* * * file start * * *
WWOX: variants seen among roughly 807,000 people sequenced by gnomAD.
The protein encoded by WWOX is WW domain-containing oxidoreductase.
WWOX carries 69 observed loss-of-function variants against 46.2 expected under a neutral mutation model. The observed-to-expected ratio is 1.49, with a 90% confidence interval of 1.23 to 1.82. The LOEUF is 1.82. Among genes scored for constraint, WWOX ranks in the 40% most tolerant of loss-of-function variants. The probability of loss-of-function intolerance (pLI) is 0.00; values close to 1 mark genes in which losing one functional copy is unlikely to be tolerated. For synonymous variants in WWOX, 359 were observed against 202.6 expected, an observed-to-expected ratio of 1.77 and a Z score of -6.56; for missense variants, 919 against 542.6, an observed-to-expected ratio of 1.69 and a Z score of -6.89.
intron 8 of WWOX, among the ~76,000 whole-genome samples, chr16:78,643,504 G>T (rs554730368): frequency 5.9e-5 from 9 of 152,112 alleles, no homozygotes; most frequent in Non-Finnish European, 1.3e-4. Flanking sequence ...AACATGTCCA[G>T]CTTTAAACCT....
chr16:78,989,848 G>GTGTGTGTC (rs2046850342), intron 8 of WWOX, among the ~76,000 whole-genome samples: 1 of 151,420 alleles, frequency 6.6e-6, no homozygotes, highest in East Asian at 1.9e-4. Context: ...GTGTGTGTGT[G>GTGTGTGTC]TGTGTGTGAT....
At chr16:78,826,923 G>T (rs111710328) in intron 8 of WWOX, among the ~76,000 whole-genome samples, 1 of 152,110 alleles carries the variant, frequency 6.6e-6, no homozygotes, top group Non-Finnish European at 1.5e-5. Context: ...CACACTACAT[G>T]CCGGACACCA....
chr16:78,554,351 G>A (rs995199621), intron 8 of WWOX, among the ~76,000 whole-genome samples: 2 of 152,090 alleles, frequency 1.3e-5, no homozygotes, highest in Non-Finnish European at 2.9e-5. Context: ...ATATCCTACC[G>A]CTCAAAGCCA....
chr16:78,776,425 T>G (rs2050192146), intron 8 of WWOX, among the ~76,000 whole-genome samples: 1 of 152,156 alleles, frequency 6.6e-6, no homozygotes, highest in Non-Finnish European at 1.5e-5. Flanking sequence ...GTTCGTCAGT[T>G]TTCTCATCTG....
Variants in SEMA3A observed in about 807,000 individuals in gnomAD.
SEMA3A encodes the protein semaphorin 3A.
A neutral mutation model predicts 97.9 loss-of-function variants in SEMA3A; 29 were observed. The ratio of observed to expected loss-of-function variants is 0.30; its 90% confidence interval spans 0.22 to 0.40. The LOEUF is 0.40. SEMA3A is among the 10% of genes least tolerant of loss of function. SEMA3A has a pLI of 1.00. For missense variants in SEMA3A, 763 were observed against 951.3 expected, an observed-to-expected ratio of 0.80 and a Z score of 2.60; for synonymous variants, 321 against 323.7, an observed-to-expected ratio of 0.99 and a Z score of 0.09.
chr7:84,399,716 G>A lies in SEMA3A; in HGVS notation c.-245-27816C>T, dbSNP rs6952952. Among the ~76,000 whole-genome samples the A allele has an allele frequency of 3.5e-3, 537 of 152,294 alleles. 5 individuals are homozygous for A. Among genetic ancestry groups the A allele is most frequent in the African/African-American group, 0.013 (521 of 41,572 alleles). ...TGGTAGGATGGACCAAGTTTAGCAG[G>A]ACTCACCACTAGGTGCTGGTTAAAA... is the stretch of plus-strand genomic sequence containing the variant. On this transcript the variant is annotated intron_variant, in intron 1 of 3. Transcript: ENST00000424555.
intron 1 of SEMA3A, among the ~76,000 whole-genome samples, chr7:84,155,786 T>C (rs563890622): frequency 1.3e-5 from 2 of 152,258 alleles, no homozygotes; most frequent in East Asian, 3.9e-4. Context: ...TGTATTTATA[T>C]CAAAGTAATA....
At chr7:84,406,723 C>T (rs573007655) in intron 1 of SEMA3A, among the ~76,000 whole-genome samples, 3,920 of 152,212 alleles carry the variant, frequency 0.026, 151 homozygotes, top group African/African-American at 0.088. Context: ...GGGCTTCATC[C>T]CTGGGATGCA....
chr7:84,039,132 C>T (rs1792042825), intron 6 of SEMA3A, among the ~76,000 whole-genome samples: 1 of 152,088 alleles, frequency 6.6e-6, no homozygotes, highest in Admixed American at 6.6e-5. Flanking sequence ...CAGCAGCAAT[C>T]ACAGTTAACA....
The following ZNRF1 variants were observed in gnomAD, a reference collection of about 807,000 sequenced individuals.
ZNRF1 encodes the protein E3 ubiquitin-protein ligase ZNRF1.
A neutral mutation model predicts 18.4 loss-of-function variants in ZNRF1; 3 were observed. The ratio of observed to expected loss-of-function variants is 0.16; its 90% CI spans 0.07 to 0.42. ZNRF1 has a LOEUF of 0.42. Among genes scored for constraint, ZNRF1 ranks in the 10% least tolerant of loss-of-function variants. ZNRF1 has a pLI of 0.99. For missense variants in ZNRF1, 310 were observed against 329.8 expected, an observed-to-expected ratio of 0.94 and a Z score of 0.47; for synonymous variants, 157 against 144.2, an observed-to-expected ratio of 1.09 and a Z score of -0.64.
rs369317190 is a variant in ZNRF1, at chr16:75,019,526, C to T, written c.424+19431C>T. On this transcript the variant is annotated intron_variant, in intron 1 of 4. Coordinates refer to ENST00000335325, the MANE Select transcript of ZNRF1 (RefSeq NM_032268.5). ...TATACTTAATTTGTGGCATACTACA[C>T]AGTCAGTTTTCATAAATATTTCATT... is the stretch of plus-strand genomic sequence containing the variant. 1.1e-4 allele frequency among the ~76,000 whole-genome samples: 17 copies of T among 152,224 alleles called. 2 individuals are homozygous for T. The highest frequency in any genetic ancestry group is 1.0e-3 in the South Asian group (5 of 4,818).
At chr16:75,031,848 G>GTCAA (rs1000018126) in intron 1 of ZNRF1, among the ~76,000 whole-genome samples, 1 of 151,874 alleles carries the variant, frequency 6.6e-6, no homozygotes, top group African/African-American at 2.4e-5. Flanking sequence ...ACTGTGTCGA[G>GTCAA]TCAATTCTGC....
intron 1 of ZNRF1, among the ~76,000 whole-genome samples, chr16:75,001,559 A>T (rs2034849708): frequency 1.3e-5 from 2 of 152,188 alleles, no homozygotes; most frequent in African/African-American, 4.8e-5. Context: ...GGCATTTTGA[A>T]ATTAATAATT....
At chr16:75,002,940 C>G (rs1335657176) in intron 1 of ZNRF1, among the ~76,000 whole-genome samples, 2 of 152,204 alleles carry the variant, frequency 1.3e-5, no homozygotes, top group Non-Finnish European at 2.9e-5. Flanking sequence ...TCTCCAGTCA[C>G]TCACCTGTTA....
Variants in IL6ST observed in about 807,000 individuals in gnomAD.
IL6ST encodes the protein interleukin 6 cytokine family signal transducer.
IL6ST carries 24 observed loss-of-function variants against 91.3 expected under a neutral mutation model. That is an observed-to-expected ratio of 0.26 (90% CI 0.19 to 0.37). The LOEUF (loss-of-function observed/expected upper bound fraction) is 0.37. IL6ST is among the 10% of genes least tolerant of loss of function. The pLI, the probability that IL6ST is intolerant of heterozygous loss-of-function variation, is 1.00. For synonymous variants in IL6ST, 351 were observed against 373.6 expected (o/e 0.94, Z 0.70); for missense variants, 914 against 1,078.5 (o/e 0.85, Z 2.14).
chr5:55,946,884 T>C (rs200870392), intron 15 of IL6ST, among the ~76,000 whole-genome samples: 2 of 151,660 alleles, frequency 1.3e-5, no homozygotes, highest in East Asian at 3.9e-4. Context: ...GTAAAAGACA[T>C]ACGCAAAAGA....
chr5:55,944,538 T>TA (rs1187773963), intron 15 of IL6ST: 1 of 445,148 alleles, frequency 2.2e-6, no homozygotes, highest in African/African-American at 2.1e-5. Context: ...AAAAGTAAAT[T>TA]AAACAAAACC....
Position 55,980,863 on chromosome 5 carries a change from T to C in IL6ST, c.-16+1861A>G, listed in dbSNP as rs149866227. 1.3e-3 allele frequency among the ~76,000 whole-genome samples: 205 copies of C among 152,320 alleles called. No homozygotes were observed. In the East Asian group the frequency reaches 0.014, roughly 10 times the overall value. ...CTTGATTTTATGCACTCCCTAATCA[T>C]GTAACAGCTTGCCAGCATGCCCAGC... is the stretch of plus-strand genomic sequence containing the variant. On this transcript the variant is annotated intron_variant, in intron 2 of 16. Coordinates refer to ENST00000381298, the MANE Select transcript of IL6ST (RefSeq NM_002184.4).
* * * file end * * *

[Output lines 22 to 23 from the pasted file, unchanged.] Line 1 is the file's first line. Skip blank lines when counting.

At chr16:75,002,940 C>G (rs1335657176) in intron 1 of ZNRF1, among the ~76,000 whole-genome samples, 2 of 152,204 alleles carry the variant, frequency 1.3e-5, no homozygotes, top group Non-Finnish European at 2.9e-5. Flanking sequence ...TCTCCAGTCA[C>G]TCACCTGTTA....
Variants in IL6ST observed in about 807,000 individuals in gnomAD.